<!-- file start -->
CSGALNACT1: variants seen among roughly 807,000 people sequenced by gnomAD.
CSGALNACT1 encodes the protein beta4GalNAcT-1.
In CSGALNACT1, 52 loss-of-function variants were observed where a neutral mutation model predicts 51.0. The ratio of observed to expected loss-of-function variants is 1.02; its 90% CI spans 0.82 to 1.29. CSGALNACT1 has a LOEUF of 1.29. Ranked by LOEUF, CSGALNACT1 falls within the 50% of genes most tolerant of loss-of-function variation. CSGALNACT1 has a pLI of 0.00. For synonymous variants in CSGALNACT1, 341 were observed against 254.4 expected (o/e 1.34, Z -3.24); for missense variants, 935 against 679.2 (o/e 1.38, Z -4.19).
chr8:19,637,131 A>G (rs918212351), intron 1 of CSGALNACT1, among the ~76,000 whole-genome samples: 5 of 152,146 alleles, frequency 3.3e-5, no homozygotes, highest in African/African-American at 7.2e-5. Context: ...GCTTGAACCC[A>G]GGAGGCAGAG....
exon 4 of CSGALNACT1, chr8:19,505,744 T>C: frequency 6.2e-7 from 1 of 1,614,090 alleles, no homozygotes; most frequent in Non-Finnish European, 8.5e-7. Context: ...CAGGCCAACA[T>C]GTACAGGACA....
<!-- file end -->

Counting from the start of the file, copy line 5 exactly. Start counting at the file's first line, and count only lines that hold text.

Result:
exon 4 of CSGALNACT1, chr8:19,505,744 T>C: frequency 6.2e-7 from 1 of 1,614,090 alleles, no homozygotes; most frequent in Non-Finnish European, 8.5e-7. Context: ...CAGGCCAACA[T>C]GTACAGGACA....